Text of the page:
RIT researcher studies pica practices and iron nutrition among pregnant women
Rochester Institute of Technology researcher Brenda Abu is investigating the relationship between the eating practice known as pica and iron deficiency anemia among pregnant women in Rochester, N.Y.
Brenda Abu, assistant professor in RIT’s Wegmans School of Health and Nutrition, seeks to understand the effect pica, iron deficiency anemia, and food insecurity have on maternal health during pregnancy. Pica refers to excessive craving and/or eating of non-food items, such as, clay, soil, paper, ice, and paint chips.
Pica depletes iron nutrition in pregnant women. The result can be devastating on maternal health and fetal development and carry long-lasting consequences, according to Abu.
“People who have iron deficiency crave the taste and smell of non-food substances that make iron deficiency worse,” Abu said. “Pregnant women who develop iron deficiency anemia have increased risk of miscarriages, low-birthweight babies, and other poor-birth outcomes.”
According to Abu, exposure to iron deficiency during conception can delay the growth and cognitive and emotional development of low-birthweight babies and children. “The health consequences can be generational,” she said. “We need to have a better understanding of the relationship between pica and iron to provide interventions to end the cycle.”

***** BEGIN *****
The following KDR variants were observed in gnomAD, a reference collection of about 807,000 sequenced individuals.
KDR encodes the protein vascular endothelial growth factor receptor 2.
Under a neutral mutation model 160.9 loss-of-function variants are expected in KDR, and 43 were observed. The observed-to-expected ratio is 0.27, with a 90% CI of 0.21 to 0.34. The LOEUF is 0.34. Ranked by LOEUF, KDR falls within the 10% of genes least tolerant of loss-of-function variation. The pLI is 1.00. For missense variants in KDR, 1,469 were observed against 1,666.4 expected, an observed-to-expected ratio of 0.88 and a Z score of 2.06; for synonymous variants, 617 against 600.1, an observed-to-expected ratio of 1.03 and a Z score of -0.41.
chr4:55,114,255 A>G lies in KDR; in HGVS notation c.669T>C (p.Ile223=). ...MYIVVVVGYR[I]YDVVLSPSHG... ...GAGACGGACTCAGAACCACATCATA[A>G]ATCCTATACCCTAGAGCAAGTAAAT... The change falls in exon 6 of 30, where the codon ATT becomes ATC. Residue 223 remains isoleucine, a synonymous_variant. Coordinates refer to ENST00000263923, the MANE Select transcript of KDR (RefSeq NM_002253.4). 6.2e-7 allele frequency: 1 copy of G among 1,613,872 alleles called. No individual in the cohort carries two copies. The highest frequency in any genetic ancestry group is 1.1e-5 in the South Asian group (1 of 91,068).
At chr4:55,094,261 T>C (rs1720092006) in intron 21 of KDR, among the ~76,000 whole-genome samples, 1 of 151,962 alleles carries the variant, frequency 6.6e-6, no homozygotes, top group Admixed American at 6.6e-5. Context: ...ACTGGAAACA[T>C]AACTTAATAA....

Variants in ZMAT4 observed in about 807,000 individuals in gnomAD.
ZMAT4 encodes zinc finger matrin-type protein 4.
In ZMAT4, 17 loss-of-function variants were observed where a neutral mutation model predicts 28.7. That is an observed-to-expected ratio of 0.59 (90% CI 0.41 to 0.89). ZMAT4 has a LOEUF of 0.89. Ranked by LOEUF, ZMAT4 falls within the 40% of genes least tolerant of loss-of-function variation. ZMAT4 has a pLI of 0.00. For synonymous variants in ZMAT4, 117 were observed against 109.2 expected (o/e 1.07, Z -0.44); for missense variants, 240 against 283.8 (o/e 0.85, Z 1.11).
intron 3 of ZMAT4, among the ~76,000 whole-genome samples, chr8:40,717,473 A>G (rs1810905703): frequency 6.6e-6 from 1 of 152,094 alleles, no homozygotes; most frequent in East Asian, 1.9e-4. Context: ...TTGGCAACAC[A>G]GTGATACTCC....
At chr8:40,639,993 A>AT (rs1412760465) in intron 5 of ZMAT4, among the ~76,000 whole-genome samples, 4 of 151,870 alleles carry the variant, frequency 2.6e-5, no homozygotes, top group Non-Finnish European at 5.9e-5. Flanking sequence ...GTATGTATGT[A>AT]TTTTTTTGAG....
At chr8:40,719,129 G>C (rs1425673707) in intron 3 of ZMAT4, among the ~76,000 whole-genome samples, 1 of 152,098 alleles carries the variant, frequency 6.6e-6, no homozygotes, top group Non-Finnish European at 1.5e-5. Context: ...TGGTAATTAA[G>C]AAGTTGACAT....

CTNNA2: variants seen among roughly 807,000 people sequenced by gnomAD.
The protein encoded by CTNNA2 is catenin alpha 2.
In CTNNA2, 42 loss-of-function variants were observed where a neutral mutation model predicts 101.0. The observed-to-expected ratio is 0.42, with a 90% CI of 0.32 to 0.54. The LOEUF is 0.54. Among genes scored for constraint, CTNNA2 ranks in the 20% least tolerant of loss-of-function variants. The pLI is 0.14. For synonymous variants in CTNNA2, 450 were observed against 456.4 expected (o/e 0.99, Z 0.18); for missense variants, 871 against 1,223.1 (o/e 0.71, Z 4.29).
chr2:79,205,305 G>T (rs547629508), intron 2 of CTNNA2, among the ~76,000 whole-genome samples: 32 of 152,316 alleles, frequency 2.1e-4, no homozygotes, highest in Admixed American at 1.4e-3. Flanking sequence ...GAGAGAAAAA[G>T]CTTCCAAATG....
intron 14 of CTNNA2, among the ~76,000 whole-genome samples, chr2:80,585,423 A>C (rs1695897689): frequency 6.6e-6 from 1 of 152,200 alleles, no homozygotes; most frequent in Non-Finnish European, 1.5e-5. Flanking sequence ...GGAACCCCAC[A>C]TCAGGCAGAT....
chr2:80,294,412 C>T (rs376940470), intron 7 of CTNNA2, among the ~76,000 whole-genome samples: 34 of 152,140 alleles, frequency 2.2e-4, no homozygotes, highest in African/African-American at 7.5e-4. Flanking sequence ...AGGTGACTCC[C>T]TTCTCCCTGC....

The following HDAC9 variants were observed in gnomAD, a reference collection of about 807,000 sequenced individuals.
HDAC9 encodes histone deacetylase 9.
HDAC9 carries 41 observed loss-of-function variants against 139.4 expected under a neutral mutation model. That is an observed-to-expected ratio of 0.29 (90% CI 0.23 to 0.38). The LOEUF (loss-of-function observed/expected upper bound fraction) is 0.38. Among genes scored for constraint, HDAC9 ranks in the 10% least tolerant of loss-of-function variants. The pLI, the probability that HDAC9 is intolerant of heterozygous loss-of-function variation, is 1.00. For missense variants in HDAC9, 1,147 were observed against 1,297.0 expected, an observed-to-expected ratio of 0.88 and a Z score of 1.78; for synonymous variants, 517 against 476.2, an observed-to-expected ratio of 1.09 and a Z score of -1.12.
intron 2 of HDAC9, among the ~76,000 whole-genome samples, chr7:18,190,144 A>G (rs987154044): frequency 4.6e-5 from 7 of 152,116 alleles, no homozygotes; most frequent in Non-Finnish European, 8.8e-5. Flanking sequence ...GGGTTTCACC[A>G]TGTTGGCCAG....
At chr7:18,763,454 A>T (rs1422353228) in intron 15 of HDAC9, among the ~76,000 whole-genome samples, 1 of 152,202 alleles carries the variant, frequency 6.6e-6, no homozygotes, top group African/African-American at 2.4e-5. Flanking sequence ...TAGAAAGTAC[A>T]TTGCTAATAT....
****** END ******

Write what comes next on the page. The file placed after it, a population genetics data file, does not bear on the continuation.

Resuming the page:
Abu’s research focuses on the nutritional causes of iron deficiency, which, she said, accounts for more than 50 to 60 percent of anemia cases. Other causes of iron deficiency include genetic conditions and excessive blood loss.
Rochester Regional Health Women’s Health and the University of Rochester Eastman Institute for Oral Health are helping recruit pregnant women to the study. Eligible pregnant women live in Monroe County and participate in supplemental nutrition assistance programs, such as SNAP and Women, Infants, and Children (WIC).
Abu is working with Dr. Jin Xiao and her team at the UR Eastman Institute for Oral Health. Study participants will receive a free dental check and learn their iron and zinc status.
The research project is funded by a grant from the RIT National Institutes of Health Grant Writers’ Boot Camp and funds contributed to RIT by the Wegmans Family Charitable Foundation.
Contact Brenda Abu at firstname.lastname@example.org, or at 585-475-4516, with comments and questions regarding the study.